“Overvaluing parents tended to claim that their child had knowledge of many different topics—even these nonexistent ones,” Brummelman said.
While parental “overvaluing” was associated with narcissistic offspring, parental warmth was not. Children of parents who expressed warmth by telling their children they loved them, but who did not engage in “overvaluing” behavior, were more likely to agree with statements that suggested they were “happy with themselves as a person and liked the kind of person they were.” In short, parental warmth appears to be closely linked to self-confident kids, not narcissistic kids. The researchers conclude that expressing warmth is key to promoting healthy self-confidence in children.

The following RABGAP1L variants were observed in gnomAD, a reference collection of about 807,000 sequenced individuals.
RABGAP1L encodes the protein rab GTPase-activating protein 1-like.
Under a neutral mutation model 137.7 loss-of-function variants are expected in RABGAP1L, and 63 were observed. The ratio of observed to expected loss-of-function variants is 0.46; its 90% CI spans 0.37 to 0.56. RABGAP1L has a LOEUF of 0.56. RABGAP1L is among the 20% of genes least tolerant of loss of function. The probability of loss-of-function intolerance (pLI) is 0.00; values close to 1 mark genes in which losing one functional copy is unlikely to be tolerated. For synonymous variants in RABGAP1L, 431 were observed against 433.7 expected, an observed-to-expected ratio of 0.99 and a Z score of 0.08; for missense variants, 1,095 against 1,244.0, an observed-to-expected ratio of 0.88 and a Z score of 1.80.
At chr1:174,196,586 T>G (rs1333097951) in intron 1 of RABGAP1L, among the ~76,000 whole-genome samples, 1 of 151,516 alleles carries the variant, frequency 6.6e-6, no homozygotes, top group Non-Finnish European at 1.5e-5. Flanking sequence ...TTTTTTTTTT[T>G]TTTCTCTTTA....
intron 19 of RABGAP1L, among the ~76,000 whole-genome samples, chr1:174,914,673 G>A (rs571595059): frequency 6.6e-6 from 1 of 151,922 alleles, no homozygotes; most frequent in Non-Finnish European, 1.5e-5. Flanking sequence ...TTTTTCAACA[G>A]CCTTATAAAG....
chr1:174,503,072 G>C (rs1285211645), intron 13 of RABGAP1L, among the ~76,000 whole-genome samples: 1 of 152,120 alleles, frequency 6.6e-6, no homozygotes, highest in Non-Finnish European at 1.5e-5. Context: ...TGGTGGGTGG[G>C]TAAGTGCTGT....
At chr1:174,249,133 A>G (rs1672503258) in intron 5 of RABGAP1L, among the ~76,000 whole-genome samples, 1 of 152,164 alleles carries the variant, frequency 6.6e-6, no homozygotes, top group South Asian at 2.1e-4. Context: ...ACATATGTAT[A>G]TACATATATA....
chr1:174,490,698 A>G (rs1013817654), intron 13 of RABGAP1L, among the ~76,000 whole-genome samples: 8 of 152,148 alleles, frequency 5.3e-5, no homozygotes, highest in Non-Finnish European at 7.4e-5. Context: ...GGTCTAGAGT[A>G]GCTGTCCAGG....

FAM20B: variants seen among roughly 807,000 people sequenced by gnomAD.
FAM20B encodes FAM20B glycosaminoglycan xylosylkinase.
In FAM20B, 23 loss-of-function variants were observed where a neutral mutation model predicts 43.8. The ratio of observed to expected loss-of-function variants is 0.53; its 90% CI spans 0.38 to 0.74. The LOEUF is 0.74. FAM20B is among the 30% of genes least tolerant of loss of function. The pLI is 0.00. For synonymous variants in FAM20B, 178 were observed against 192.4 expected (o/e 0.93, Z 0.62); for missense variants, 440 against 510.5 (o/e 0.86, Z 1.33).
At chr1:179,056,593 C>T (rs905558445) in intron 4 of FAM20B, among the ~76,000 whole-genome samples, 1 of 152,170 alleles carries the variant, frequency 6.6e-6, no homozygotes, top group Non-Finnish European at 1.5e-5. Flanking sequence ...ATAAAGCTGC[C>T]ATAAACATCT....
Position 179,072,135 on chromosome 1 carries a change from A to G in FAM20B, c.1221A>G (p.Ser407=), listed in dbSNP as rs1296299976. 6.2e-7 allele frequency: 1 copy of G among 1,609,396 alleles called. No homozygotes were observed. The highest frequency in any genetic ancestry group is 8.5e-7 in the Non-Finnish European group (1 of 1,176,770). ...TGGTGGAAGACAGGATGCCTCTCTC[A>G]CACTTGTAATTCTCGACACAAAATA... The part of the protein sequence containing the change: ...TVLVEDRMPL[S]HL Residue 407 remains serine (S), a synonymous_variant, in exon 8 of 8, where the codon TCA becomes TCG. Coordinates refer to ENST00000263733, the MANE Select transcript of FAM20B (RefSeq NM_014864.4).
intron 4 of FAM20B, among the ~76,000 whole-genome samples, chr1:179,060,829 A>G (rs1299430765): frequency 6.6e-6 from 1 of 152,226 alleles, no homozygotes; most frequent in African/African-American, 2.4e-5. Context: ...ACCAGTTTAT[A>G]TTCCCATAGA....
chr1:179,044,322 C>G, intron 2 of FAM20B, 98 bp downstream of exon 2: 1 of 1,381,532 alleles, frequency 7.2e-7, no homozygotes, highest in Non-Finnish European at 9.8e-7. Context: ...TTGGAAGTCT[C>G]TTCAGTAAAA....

Bushman, who is a father of three children, said his research has made him rethink his own parenting style.
“When I first started doing this research in the 1990s, I used to think my children should be treated like they were extra-special. I’m careful not to do that now,” he said.